The Range of Light. Just saying it out loud makes my pulse quicken and my eyes look to the horizon. The term was coined by John Muir himself, and is a wonderfully visceral description of California's Sierra Nevada Mountains that he roamed and loved. "After 10 years spent in the heart of it, rejoicing and wondering, bathing in its glorious floods of light, seeing the sunburst of morning among the icy peaks, the noonday radiance on the trees and rocks and snow, the flush of alpenglow, and a thousand dashing waterfalls with their marvelous abundance of irised spray, it still seems to me above all others the Range of Light". So well said, and so true. Verdant valleys, towering passes, barren moonscapes…dizzying in its contrasts and enormity. I have walked trails all over the planet and there is something unique about the Sierras that make me feel connected to and yet exquisitely dwarfed by the landscape surrounding me.
The John Muir Trail is the best the Sierras have to offer. Shadowing Muir's footsteps, the trail runs 212 breathtaking and treacherous miles, from the depths of Yosemite Valley to the top of 14,505' Mount Whitney (the highest point in the Continental United States). A through-hike voyage of the JMT will change you deep down in your nooks and crannies, as if each pass gained or spring guzzled rounds your edges a bit more. Afterward you might stand taller, be quicker to smile, or worry a little less because you've seen and done things that most people only read about. But you will earn it. Boy howdy will you earn it. Something I learned the hard way. Twice.
I first discovered the joys of the backcountry when I was seven. I spent two weeks with my dad in Cascade Valley (Mammoth, CA) waking up at sunrise, eating freshly caught trout with garlic and wild onions, and telling ghost stories in the dancing shadows of the fire until my eyes grew heavy. After that the wild was in my blood. Countless backpacking trips and hiking adventures later I decided it was time to brave the entire John Muir Trail.
I was in my early 20's and threw myself at the idea with naïve exuberance. I trained for a few weeks by loading up a pack with rocks and walking up and down the American River Trail in Sacramento. I had no clear idea about how long the trip would take or realistically how many miles I could cover in a day, but I brought enough food for roughly two weeks. I decided to hike the alternate route that starts below Mount Whitney and hike the trail south to north - which in hindsight should have been a red flag. I was determined to hike 212 miles but wanted to skip the top of Whitney because it would be too hard? I was excited to challenge myself and enjoyed the attention I got for attempting something bold, but I clearly wasn't invested in doing whatever it would take to be successful. Which is why I failed the first time. And the second time. Well that, and the ridiculous amount of weight I was carrying.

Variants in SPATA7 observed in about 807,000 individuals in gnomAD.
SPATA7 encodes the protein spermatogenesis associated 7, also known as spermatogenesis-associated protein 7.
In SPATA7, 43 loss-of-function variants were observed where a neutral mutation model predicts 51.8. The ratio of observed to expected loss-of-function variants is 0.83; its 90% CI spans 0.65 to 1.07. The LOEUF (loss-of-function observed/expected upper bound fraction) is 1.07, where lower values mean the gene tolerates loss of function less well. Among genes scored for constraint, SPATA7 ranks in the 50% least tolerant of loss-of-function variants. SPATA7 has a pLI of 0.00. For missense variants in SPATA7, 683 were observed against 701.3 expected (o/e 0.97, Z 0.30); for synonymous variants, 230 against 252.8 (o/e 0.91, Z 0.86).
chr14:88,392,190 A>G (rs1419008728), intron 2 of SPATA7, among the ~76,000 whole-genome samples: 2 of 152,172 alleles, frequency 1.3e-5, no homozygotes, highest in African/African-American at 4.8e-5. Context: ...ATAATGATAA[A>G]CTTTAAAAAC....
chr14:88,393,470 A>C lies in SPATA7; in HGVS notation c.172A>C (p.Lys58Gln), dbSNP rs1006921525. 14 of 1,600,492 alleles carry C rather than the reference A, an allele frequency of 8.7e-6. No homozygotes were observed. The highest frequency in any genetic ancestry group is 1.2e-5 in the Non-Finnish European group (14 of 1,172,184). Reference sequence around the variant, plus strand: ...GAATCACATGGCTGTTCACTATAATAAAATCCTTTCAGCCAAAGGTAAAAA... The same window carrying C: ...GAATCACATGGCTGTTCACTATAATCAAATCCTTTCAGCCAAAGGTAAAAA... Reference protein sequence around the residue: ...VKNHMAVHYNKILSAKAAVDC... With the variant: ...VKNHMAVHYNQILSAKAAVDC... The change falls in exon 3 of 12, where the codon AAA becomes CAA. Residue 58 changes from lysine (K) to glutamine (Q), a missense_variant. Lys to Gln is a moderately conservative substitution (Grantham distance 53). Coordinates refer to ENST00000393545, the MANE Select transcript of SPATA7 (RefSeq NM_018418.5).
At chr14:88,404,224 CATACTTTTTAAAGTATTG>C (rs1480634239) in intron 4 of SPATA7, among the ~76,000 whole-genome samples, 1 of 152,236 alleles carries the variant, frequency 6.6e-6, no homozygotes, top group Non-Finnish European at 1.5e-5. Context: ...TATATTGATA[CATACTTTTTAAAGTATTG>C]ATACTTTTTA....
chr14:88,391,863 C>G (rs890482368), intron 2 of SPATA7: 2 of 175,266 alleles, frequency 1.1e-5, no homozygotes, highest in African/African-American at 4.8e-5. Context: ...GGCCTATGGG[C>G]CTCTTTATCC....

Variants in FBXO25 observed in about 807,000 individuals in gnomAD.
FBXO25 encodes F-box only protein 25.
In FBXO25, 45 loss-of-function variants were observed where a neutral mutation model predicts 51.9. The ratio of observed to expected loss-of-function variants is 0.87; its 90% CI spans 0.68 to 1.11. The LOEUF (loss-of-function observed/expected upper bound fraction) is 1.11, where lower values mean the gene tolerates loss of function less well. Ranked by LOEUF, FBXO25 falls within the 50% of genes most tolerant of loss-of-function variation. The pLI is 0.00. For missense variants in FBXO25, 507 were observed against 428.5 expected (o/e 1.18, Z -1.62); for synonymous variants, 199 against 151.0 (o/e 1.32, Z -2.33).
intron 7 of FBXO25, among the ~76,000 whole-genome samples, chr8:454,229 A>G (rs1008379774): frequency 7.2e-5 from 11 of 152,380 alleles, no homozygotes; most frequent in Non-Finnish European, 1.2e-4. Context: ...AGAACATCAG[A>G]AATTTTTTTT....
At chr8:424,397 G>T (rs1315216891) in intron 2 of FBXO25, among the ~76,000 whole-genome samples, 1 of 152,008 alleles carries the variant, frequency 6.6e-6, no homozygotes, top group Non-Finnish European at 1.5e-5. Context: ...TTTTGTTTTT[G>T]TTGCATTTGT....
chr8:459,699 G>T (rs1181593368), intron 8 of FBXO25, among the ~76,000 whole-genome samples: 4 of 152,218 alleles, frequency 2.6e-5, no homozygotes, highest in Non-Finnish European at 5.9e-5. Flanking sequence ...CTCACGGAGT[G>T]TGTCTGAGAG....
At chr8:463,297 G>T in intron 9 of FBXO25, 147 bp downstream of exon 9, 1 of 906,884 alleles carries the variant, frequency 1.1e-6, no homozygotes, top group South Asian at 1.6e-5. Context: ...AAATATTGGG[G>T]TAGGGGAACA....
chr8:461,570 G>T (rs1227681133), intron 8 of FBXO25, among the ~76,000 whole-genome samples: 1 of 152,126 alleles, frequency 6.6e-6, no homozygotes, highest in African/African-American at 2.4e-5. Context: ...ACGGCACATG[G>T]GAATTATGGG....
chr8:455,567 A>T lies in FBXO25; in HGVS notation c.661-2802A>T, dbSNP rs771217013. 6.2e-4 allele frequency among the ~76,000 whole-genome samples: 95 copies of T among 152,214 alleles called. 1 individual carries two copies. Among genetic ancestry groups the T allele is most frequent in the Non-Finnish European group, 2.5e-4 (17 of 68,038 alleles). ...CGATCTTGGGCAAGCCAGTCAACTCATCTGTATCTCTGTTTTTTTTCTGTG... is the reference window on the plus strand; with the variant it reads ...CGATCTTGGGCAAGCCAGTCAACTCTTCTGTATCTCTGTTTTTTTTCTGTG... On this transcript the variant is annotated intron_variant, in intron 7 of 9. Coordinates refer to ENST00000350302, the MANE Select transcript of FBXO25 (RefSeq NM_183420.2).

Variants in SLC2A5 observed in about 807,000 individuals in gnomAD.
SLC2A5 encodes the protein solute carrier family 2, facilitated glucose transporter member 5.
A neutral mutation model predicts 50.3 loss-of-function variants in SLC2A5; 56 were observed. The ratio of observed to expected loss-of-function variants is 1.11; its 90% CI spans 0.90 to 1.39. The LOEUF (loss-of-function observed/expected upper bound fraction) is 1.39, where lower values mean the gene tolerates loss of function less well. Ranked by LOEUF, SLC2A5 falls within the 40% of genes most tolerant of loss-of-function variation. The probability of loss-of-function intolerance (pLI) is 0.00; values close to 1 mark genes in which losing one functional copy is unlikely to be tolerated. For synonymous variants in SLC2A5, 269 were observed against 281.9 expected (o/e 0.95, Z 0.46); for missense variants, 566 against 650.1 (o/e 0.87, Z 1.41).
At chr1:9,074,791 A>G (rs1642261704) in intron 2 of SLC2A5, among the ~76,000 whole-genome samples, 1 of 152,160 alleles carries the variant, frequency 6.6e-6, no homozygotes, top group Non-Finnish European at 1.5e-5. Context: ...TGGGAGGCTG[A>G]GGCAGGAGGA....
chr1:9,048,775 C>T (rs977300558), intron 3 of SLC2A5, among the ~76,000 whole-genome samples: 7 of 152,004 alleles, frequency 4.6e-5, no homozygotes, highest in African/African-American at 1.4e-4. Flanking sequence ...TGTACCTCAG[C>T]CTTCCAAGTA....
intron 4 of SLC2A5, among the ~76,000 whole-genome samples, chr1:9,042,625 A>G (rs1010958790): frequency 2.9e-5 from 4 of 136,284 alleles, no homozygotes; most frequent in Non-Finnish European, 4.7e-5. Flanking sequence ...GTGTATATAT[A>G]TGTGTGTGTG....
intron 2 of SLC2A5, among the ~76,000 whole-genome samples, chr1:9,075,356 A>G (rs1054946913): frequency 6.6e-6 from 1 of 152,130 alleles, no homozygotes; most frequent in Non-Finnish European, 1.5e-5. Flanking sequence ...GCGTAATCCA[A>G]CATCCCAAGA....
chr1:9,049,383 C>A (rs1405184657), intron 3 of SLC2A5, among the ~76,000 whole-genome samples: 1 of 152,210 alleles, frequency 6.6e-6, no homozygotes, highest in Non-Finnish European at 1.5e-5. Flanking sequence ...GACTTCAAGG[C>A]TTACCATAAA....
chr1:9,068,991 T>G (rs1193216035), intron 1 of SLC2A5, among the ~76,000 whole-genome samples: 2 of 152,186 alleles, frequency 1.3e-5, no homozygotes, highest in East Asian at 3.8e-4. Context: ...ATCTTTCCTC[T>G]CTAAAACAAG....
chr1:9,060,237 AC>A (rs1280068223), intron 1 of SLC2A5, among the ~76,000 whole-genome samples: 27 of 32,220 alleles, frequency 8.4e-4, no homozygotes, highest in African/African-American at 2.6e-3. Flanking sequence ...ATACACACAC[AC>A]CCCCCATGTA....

Like the good Eagle Scout that he is, my dad taught me to venture into the backcountry with anything I might possibly need, including the kitchen sink just to be safe. This is inarguably the most luxurious way to backpack - once you are in camp. But moving with that much weight on your back is a grueling death march that compresses your vertebrae and your spirits alike. When I began that first JMT attempt all those years ago, I distinctly remember the first few steps and the crushing realization that I would have to carry that behemoth of a pack for at least two weeks and crest 11 passes. I trudged toward my first pass and when pain and loneliness stealthily crept over me (which was inevitable), I grabbed onto a low-hanging excuse and quit. A year later the wandering spirit struck me again and I returned to the JMT once more. Except this time I was even less prepared, took even more weight, and sulked off the trail in defeat even sooner. Maybe it just wasn't meant to be.
Fast forward a decade to 2013. I was a different man in a completely different place. I'd spent time in the forge of endurance sport, and had transformed by body and brain into tools capable of completing Ironman triathlons… or perhaps even more audacious endeavors. My life was exactly where I wanted it to be, but the John Muir Trail was still whispering softly to me:
"Do you have what it takes?"
I honestly didn't know. I had pushed back the boundaries on my capabilities, and strongly believed in my mental strength and athletic ability. But the John Muir Trail scared me. Which is ultimately why I decided I had to make one last attempt. And I wanted to put an exclamation point on the experience, so I planned to run it.
In looking back on my past attempts, it was clear why I failed and what I would have to do to finally stand on top of Mount Whitney with my hands held high. What I've outlined below is exactly how this moment became a reality, how I conquered the external and internal demons standing in my way - and how you can too.
An endeavor such as this must be properly planned and prepared for. I know that may grate against your adventurous spirit, but it is the only way to hold success in your grasp. I hate detailed planning more than most, and how I finally got over this was by focusing on and getting excited about the end result, rather than the minutiae in between. I gave myself slightly more than a year to plan and train for this third JMT attempt, and I focused on three key factors:
- Brain Training
- Body Training
- Going Light
- Brain Training
- Cultivating gratitude
- Positive Self Talk
- Body Training
- Going Light
- Main Gear
- Sleeping "bag"
- Bear Canister
- Water Purifier
- Other considerations
- Trip Length
- Author Bio
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